I got my backpack for fair traded hundred hong kong dollars on the Chinese market.
It’s close to nothing. It says “Levi’s” inside and “JinTisMao” outside. I find it really cool, the kind of “I’m a badass traveller” cool, so I packed my wallet I got at some local store on omani souq, my big boy camera, passport, a pack of chewable fudge, Cheryl Strayed’s “Wild”, pocket edition of Fitzgerald’s “Great Gatsby” I carry with myself everywhere but never really open, and than me and the Chinese backpack became the closest friends.
Going around the world seems like a fairy tale right from National Geographic, but it kicks you in the ass. World kicks you in the ass. And it’s not just some kind of kick in the ass you get before an exam from a friend, it’s a motherfucking superpower kind of Chuck Norris kick right in the ass. Perhaps doubled. I wear my fancy uniform and smile to people more than I would intend to. I give them a massive check-out-my-teeth smile when they can’t get their meal and get angry, or when I kick them for the fourth time with my cart because there’s not enough space. So it happens and my face momentarily transforms into some kind of double cream birthday cake, which you can’t help but smile to. My silver armour. This is what sometimes I feel I’m becoming. A double cream birthday cake.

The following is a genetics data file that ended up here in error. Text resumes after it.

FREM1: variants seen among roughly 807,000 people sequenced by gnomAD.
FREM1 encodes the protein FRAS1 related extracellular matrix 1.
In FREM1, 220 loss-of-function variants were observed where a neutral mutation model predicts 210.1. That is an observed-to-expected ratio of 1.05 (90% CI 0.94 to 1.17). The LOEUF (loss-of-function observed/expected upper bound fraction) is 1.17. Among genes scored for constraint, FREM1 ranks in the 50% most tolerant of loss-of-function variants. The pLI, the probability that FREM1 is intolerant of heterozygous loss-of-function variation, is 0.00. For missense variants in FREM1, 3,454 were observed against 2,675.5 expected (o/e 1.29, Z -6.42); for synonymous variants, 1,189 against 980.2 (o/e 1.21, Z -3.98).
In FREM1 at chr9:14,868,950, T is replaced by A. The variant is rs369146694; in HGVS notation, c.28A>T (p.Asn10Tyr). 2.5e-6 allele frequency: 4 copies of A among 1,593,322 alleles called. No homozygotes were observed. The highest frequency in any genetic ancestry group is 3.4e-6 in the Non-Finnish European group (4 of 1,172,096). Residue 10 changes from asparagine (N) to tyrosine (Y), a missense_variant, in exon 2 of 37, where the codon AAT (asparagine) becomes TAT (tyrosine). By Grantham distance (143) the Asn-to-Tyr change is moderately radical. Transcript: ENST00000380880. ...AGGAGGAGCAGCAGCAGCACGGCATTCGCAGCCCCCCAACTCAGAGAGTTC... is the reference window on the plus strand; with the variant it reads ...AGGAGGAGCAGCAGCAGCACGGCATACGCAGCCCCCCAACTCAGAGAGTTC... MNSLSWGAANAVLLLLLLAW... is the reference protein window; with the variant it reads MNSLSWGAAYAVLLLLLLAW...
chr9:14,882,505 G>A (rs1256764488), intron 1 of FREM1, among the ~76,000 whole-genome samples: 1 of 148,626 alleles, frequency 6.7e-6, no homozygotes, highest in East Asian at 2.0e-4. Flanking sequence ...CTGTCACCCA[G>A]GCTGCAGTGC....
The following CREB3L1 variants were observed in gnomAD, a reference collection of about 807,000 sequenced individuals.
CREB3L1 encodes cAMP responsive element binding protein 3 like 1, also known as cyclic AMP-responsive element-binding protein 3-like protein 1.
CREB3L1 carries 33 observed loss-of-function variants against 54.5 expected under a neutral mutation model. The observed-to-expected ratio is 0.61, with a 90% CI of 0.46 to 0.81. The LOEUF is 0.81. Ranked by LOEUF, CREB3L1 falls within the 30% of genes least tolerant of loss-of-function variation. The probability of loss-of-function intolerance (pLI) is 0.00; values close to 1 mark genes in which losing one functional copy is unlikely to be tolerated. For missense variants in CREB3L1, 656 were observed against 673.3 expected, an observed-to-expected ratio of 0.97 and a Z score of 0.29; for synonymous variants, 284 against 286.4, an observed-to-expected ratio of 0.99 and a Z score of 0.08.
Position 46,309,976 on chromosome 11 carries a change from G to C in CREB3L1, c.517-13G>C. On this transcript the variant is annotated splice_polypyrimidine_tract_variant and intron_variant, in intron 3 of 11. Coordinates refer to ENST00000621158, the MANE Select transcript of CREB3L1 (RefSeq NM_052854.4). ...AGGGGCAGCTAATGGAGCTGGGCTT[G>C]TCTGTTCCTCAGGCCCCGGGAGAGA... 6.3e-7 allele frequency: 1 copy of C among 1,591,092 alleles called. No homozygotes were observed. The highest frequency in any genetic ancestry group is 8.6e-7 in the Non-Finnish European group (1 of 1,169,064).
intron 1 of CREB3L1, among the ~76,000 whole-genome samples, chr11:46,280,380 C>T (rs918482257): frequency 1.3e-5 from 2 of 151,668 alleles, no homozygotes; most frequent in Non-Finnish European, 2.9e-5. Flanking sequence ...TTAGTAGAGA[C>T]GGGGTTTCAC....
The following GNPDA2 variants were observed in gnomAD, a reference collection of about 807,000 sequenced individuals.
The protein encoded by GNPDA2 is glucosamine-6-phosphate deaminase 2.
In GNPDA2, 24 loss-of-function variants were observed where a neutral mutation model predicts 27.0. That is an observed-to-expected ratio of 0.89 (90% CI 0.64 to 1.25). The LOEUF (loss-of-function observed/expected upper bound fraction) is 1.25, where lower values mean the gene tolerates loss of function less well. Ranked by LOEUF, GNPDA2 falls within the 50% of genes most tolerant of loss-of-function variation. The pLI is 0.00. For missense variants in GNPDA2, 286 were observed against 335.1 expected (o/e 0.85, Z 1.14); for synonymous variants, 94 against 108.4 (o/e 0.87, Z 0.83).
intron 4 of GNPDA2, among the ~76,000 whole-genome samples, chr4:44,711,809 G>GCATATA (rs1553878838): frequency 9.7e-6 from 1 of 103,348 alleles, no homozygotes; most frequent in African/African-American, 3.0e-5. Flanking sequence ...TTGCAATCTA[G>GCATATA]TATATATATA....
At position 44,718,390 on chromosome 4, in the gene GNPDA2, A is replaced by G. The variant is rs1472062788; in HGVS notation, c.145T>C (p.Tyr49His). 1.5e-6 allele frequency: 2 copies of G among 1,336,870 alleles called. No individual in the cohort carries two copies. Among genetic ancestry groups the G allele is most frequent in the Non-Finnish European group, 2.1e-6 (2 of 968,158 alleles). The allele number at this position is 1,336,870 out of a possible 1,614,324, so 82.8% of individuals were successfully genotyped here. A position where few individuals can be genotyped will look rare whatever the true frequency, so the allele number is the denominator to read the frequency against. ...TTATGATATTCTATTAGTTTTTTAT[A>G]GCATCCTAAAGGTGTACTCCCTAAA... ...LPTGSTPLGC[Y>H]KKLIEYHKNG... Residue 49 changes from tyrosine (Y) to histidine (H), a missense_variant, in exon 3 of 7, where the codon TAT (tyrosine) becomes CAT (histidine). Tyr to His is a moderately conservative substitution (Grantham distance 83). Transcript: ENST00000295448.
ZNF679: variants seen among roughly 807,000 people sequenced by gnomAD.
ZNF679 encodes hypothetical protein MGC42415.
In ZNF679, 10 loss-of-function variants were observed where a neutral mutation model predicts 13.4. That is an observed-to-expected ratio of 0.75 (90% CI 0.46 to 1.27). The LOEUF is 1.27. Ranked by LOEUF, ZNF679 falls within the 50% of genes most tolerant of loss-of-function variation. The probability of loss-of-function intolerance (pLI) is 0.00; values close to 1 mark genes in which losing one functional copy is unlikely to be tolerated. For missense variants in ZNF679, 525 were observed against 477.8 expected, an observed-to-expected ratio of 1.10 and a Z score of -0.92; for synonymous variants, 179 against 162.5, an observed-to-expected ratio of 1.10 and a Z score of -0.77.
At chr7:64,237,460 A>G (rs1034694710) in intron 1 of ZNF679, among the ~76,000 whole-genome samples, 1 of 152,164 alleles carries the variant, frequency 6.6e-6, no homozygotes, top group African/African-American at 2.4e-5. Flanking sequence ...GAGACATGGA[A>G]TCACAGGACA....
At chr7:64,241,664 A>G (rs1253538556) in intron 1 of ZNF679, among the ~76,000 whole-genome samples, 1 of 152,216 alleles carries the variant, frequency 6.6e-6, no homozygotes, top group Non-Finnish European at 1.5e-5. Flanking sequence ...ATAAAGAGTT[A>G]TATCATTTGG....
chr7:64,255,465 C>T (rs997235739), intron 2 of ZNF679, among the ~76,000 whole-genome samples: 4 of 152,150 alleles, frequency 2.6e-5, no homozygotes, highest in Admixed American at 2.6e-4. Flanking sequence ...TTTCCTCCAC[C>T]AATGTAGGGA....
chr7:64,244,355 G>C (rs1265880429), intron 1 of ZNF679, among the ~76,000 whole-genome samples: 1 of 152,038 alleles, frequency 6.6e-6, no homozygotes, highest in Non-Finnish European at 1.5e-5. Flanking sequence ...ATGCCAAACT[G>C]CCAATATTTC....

I stand on the ridge of Grand Canyon, some safe half meter away from the edge, and I can’t stop looking down, in this massive six thousand feet depth, being protected from it with nothing but my own uncertain sense of balance. This massive hole has been here for some millions of years and there’s been some idiots who fell down there and died because they wanted a cool photo, and some Djangos who shot each other there, and some Pocahontas making out with John Smith too, and this thing has seen all that, and it meant absolutely nothing to it. If I made a single step I would fell right into it and turn into a piece of meat eaten by the birds. Maybe there would be a little note in the news or something of that sort, but that would technically change absolutely nothing beside the daily menu of the canyon birds. Everything that surrounded me in that moment wouldn’t give a single fuck whether I am a cabin crew or a toilet cleaner or a president of the United States, Muslim or Jewish, raw vegetarian etc.
I remember the eighteen years old me having a conversation with my old friend. I don’t quite remember what were we talking about, but I remember me saying it’s all about loosing your ego and him let me know when you’ll find the way to do it.
So I flew sixteen hours and than rode for six more to go to this six thousand feet hole in the ground, sat on its edge just to dangle my legs a little. It has become one of the most significant events in my life.
To travel means nothing and everything. I find the word just as undefined as love, and probably just as fascinating. Where does the journey start? I believe it starts once you’re in the land of unknown and the big fluffy monster called “fear” appears right next to you. The moment when you take this monster by hand and decide to go wherever it takes you, this is the journey. Going out of your comfort zone. And than going out once again. My journey has been about looking for something without quite knowing what was it, and it took to go around the globe twice and another twice and than another one to understand.